Some of Wellington's leading hospitality companies say the Rugby World Cup has pushed so much regular business out of the capital that most days are quieter than they would normally be at this time of year.
Chris Parkin, owner of the Museum Hotel, said in the days leading up to the start of the event the hotel had an occupancy rate of about 30 per cent, with corporate and leisure guests avoiding the city because they assumed it was full.
"I think everyone in New Zealand assumed the country would be brimming with people, and the pressure would be on accommodation, and certainly as far as Wellington was concerned, that just hasn't happened," Parkin said.
"I'm not critical of anyone, but New Zealanders seem to think there's no accommodation in the city, so people aren't travelling."
Parkin admits weak occupancy might be partly his own making. The Museum raised prices well in advance of the Rugby World Cup to make sure there were rooms available for last minute international guests, who so far have failed to materialise.
"To a certain extent we've been hoisted on our own petard, but we did it with the best of intentions, to make sure there was room for all these foreign visitors that were coming."
Other hoteliers said that while the rugby has not been a bonanza, it was meeting expectations based on contact with international peers, and the reflection that many of the economies in the rugby-loving world – mainly Europe – were sick.
Gregory Keeting, general manager of the Amora Hotel, said that while the hotel, long known as the Duxton, was not full throughout the event, and some normal business had been displaced, it was a strong period.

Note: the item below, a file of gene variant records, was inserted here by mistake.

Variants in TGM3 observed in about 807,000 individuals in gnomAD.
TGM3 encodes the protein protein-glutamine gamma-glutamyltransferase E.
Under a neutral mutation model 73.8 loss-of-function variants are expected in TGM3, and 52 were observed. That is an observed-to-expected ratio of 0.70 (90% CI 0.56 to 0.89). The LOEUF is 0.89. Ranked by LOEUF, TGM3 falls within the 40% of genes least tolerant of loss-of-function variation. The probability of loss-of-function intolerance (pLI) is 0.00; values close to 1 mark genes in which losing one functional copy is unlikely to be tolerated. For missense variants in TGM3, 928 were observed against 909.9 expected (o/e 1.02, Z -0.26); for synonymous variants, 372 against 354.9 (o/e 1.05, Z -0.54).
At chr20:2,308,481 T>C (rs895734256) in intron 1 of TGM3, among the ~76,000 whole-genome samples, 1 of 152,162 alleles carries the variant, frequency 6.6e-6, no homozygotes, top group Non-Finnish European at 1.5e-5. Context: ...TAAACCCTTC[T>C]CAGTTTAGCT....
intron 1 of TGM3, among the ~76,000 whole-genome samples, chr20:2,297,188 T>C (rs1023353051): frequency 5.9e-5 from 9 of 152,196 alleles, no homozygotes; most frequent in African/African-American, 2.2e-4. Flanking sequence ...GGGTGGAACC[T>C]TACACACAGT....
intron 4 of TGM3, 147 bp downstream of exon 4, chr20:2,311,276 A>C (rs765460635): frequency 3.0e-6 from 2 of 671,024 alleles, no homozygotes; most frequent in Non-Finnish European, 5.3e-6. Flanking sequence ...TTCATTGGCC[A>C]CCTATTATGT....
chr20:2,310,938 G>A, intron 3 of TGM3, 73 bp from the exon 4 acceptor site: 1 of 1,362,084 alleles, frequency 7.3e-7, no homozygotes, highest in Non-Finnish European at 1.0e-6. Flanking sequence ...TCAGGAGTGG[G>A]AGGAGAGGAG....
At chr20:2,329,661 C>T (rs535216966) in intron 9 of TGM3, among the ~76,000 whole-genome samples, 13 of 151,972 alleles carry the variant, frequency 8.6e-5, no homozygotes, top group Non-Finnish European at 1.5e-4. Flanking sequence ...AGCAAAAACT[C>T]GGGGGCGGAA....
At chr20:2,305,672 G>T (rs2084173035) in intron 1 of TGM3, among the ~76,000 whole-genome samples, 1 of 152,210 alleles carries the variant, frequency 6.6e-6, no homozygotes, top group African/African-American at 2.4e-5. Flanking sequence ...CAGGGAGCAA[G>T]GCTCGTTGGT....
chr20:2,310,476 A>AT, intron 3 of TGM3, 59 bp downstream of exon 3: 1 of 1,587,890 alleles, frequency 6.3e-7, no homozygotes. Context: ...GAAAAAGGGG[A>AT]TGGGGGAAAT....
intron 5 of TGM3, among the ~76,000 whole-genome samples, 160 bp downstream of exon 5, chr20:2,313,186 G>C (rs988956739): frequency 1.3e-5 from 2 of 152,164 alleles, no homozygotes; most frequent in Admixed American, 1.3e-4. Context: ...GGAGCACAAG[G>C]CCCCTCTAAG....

"The Amora is enjoying Rugby World Cup," Keeting said, with the hotel chain set to meet its budget for the period.
Shaun Clouston, head chef at upmarket Cuba Street restaurant Logan Brown, said business had been "a little bit up and down" so far during the rugby, which followed a strong winter, boosted by a series of successful events in Wellington.
The day of the South Africa v Wales test "was probably the quietest Sunday this year", something of a contrast to the 2005 British and Irish Lions tour, which had been "absolutely monumental" for the restaurant.
"I guess we'd hope and expect that it will pick up as the event progresses," Clouston said.
Jennie Langley, chairwoman of the New Zealand Hotel Council, said different regions were experiencing a mix of results during the rugby, and hotels within individual cities were reporting varying occupancy.
The general feedback from Wellington was that hoteliers were doing well from the event.
"Being the biggest event New Zealand has hosted, it has been very difficult for hotels to know what to expect," she said.
- © Fairfax NZ News